Some saw Kenney’s resignation as a judgment on the state of Canadian conservatism: if one of Canada’s long-standing conservative leaders can be kicked out because they’re not perceived as “conservative enough,” it raises questions about the movement as a whole — questions being asked by both Tories and Liberals alike on Thursday.


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“Mr. Kenney was tracking to the centre trying to do what he could to keep people alive,” said Liberal MP and cabinet minister Randy Boissonnault.

“He didn’t do enough for the extreme people, he didn’t do enough for the progressives.”

Boissonnault is among the Liberals who managed to retake ridings in Alberta in last year’s federal election because Kenney’s brand at that point had become toxic to the federal Tories.

But some Conservatives say Liberals also won the ridings because their leader at the time, Erin O’Toole, wasn’t “conservative” enough either, a theme Boissonnault picked up.

“Mr. O’Toole was also pushed out because he was tacking to the centre,” he said.

“And so if we can’t have one of the major parties in this country being able to hold the centre, what does it say about where one of the major parties in this country is heading?”

Kusie saw it differently.

“Mr. Kenney was put in an incredibly difficult position,” she said, citing his work unifying the party in Alberta, winning a leadership race, a general election and then being plunged into the pandemic.

“I don’t believe that conservatism is flawed, of course, or the conservative movement is flawed. I think he was put in an impossible position.”

It was a position he’d often complain about to Ottawa conservatives, saying they weren’t helping his cause as they railed against vaccine mandates or lockdowns because most of those restrictions fell to him to implement.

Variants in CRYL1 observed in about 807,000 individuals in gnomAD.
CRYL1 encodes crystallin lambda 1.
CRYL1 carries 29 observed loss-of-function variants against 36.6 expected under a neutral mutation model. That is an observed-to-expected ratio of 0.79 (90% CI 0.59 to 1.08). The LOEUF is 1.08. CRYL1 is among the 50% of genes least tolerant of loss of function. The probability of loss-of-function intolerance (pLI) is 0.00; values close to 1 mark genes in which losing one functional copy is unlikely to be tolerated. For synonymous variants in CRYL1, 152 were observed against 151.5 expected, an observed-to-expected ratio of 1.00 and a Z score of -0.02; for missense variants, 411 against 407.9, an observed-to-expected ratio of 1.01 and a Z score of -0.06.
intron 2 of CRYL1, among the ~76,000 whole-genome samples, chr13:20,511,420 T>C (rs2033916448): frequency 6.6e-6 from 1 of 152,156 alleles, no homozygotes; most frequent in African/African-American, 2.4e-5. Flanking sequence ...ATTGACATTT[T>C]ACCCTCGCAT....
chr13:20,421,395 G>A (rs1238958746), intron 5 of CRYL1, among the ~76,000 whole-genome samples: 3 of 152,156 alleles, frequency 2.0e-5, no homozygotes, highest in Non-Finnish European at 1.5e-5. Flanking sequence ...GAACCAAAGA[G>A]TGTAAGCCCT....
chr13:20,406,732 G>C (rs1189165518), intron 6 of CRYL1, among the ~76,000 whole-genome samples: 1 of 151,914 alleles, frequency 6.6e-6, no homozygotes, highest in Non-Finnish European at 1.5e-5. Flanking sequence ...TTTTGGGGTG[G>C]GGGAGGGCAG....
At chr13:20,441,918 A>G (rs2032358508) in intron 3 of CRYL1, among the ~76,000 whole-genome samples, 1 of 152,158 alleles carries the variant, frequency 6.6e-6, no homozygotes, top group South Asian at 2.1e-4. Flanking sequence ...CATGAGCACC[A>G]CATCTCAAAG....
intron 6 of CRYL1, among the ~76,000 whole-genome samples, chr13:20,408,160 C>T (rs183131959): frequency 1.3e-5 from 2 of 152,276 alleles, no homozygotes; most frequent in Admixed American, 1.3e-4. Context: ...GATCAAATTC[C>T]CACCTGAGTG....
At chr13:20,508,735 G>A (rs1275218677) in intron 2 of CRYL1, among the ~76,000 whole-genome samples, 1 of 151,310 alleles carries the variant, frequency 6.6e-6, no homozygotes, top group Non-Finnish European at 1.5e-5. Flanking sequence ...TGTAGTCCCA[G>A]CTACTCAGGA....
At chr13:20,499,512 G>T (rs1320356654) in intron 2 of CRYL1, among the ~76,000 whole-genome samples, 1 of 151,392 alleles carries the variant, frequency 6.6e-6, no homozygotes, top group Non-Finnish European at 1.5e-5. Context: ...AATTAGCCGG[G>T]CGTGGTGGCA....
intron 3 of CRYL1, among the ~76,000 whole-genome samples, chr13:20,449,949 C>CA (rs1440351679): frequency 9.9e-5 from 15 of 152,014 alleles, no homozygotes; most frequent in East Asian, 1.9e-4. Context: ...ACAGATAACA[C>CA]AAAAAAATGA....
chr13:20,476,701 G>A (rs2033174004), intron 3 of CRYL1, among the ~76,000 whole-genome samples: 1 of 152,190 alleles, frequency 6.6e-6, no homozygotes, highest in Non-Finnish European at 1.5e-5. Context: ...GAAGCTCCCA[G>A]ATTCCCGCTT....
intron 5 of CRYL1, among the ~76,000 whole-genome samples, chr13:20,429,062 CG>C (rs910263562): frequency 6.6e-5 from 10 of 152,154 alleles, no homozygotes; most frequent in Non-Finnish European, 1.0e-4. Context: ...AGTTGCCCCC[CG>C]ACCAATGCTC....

The pandemic placed a political strain on all levels of politics, said longtime Tory MP Michael Chong, among the few left in the Conservative caucus who actually served with Kenney in the House of Commons.

“We’ve gone through a difficult two years and there’s been a lot of debate and a lot of frustration and I think that’s just reflected in both of our parties and it’s difficult for leaders to navigate,” he said.

“I know that full well here in Ottawa: we just went through a leadership review of our own leader that ended up with the leader being removed, and now we’re going through a leadership race.”

MP Garnett Genuis, from the Alberta riding of Sherwood Park—Fort Saskatchewan, said the political divides created by the pandemic are now resolving, so the issues plaguing parties are also resolving.

But others saw Kenney’s ouster as the latest signal of a realignment of the political spectrum that began with the U.K.’s exit from the European Union, got Donald Trump elected U.S. president and now drives the anti-elite messaging in Poilievre’s populist leadership campaign.

In a widely-circulated piece in conservative circles Thursday, Sean Speer, a former adviser to Harper, said what he took from Kenney’s departure was a warning sign.

“I see a scared and angry minority that doesn’t define itself based on what’s good and right but rather by a sense of embattlement and opposition,” he wrote in The Hub, where he’s now editor-at-large.

“The short-term cost of their political paroxysm is the best conservative premier in the country. The longer-term cost may be to the character of Canadian conservatism itself.”

Stephanie Levitz is an Ottawa-based reporter covering federal politics for the Star. Follow her on Twitter: @StephanieLevitz